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  • Derrida's Language-Games.Newton Garver - 1991 - Topoi 10 (2):187-198.
    In previous essays (1973, 1975, 1977) I have praised Derrida's contributions to philosophical dialogue and also insisted on their limitations. The considerations raised in this present essay do not lead me to a position that is less ambivalent. Philosophy is a particular language-game. Like any other, it has its constitutive rules; or, perhaps better: its practice has certain distinctive features by means of which we recognize philosophizing and distinguish it from other linguistic activities. None of this can be set down (...)
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  • A Horse is a Horse, of Course, of Course, but What About Horseness?Necip Fikri Alican - 2015 - In Debra Nails & Harold Tarrant (eds.), Second Sailing: Alternative Perspectives on Plato. Helsinki: Societas Scientiarum Fennica. pp. 307–324.
    Plato is commonly considered a metaphysical dualist conceiving of a world of Forms separate from the world of particulars in which we live. This paper explores the motivation for postulating that second world as opposed to making do with the one we have. The main objective is to demonstrate that and how everything, Forms and all, can instead fit into the same world. The approach is exploratory, as there can be no proof in the standard sense. The debate between explaining (...)
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  • Does Plato Argue Fallaciously at Cratylus 385b–C?Geoffrey Bagwell - 2011 - Apeiron 44 (1):13-21.
    At Cratylus 385b–c, Plato appears to argue that names have truth-value. Critics have almost universally condemned the argument as fallacious. Their case has proven so compelling that it has driven editors to recommend moving or removing the argument from its received position in the manuscripts. I argue that a close reading of the argument reveals it commits no fallacy, and its purpose in the dialogue justifies its original position. I wish to vindicate the manuscript tradition, showing that the argument establishes (...)
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  • Phainomena e explicação na Ética Eudêmia de Aristóteles.Raphael Zillig - 2014 - In Conocimiento, ética y estética en la Filosofía Antigua: Actas del II Simposio Nacional de Filosofía Antigua. Rosário, Argentina: Asociación Argentina de Filosofía Antigua. pp. 330-336.
  • Bad Luck to Take a Woman Aboard.Debra Nails - 2015 - In Debra Nails & Harold Tarrant (eds.), Second Sailing: Alternative Perspectives on Plato. Helsinki, Finland: Societas Scientiarum Fennica. pp. 73-90.
    Despite Diotima’s irresistible virtues and attractiveness across the millennia, she spells trouble for philosophy. It is not her fault that she has been misunderstood, nor is it Plato’s. Rather, I suspect, each era has made of Diotima what it desired her to be. Her malleability is related to the assumption that Plato invented her, that she is a mere literary fiction, licensing the imagination to do what it will. In the first part of my paper, I argue against three contemporary (...)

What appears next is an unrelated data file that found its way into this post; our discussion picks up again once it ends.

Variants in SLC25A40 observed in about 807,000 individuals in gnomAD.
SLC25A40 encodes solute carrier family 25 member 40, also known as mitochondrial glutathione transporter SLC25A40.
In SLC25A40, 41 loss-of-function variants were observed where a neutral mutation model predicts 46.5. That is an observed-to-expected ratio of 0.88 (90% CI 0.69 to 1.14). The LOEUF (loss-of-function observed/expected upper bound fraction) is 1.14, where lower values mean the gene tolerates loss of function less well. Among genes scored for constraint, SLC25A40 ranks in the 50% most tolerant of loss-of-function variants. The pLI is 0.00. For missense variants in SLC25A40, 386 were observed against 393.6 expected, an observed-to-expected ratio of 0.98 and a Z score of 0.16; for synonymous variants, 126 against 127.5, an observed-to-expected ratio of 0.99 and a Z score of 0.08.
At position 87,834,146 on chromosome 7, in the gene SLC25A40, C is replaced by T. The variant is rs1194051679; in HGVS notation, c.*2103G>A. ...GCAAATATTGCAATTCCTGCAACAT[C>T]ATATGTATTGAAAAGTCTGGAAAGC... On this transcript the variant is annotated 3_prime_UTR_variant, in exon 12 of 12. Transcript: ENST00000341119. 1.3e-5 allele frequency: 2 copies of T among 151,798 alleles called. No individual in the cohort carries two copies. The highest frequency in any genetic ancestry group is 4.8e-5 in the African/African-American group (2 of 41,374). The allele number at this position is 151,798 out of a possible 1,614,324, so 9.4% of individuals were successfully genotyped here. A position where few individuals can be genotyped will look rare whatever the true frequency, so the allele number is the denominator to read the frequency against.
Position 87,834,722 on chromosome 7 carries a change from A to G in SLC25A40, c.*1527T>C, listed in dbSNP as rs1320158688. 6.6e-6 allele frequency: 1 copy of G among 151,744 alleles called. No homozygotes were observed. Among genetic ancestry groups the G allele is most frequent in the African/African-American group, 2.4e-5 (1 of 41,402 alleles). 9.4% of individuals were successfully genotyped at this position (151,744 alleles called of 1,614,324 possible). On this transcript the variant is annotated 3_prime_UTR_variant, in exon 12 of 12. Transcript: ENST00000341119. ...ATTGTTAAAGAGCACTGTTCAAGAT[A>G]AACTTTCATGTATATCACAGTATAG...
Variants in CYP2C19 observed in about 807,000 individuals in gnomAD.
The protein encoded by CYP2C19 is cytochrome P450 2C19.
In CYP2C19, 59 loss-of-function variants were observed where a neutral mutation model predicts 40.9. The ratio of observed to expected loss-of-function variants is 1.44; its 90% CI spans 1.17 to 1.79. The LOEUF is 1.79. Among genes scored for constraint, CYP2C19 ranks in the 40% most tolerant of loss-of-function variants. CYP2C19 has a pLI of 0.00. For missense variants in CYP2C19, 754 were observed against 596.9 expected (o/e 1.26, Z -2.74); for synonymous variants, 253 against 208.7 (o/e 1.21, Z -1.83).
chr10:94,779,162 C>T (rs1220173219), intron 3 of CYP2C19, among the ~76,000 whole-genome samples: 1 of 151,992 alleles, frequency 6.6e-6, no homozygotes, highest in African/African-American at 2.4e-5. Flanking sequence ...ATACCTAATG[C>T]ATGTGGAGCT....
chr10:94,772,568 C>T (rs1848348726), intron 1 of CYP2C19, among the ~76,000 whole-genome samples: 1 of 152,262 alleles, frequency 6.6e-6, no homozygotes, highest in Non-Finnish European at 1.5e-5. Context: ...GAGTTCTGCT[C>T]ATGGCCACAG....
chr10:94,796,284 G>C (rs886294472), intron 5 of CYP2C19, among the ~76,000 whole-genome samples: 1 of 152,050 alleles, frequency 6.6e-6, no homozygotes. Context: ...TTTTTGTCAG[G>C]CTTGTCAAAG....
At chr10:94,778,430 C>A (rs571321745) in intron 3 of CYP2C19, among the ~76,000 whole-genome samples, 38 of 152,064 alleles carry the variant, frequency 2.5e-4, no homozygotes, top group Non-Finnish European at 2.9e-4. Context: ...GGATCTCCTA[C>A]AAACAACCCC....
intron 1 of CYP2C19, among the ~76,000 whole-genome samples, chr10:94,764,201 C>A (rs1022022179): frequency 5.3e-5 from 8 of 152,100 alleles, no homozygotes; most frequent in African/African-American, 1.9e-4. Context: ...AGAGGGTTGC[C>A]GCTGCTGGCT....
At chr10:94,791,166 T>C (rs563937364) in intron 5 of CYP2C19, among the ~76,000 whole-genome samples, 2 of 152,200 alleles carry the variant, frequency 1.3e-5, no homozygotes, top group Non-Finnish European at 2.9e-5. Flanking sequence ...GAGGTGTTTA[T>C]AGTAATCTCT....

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  • 'Making New Gods? A Reflection on the Gift of the Symposium.Mitchell Miller - 2015 - In Debra Nails, Harold Tarrant, Mika Kajava & Eero Salmenkivi (eds.), Second Sailing: Alternative Perspectives on Plato. Societas Scientiarum Fennica. pp. 285-306.
    A commentary on the Symposium as a challenge and a gift to Athens. I begin with a reflection on three dates: 416 bce, the date of Agathon’s victory party, c. 400, the approximate date of Apollodorus’ retelling of the party, and c. 375, the approximate date of the ‘publication’ of the dialogue, and I argue that Plato reminds his contemporary Athens both of its great poetic and legal and scientific traditions and of the historical fact that the way late fourth (...)
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  • Plato's Sophist 259E4-6.Simon Noriega-Olmos - 2012 - Journal of Ancient Philosophy 6 (2).
  • De ejemplos y circunloquios. Sobre el "logos" metafórico en el "Político" de Platón”.Felipe Ledesma - 2018 - Logos. Anales Del Seminario de Metafísica [Universidad Complutense de Madrid, España] 51:239-259.
    El presente artículo defiende que, en el _Político_, Platón investiga sistemáticamente la índole metafórica del _logos_: quienes hablamos y nos entendemos hablando no podemos dejar de hacer comparaciones, poner ejemplos o servirnos de modelos o paradigmas, cada vez que estamos entendiendo algo, tanto si nos damos cuenta de ello como si no. En particular, el llamado “método de las divisiones” necesita de los ejemplos para que le sirvan de guía en el descubrimiento de las diferencias y las semejanzas. De hecho, (...)
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  • Antecedentes de algunos lineamientos de la estrategia de Aristóteles frente al negador del principio de no contradicción en el Sofista de Platón.Pilar Spangenberg - 2017 - Elenchos 38 (1-2):83-105.
    The purpose of this paper is to show that in the Sophist Plato develops a dialectical strategy that appeals to necessary conditions of language as a fundamental step toward establishing some principles of his ontology. This strategy constitutes a clear antecedent of the elenctic refutation offered by Aristotle in Metaphysics Gamma 4 against the denier of the principle of non-contradiction and could be described as transcendental because it refers to conditions without which there wouldn’t be any speech. The paper aims (...)
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  • The Antinomies of Plato's Parmenides.Malcolm Schofield - 1977 - Classical Quarterly 27 (1):139-158.
    It is arguable that the student of the deductions which make up the second part of Plato's Parmenides is today better placed than any of his predecessors, save Aristotle, Speusippus, and other immediate associates of Plato, to understand and evaluate those forbidding pages. Ways of looking at and handling the matter of the text are available to him which were not open to those who lived before the rise of critical philological scholarship in Europe in the last century, and of (...)
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  • On the Third Attempted Definition of Knowledge, Theaetetus 201c–210b.May Yoh - 1975 - Dialogue 14 (3):420-442.
  • Plato on Knowledge in the Theaetetus.Timothy Chappell - 2008 - Stanford Encyclopedia of Philosophy.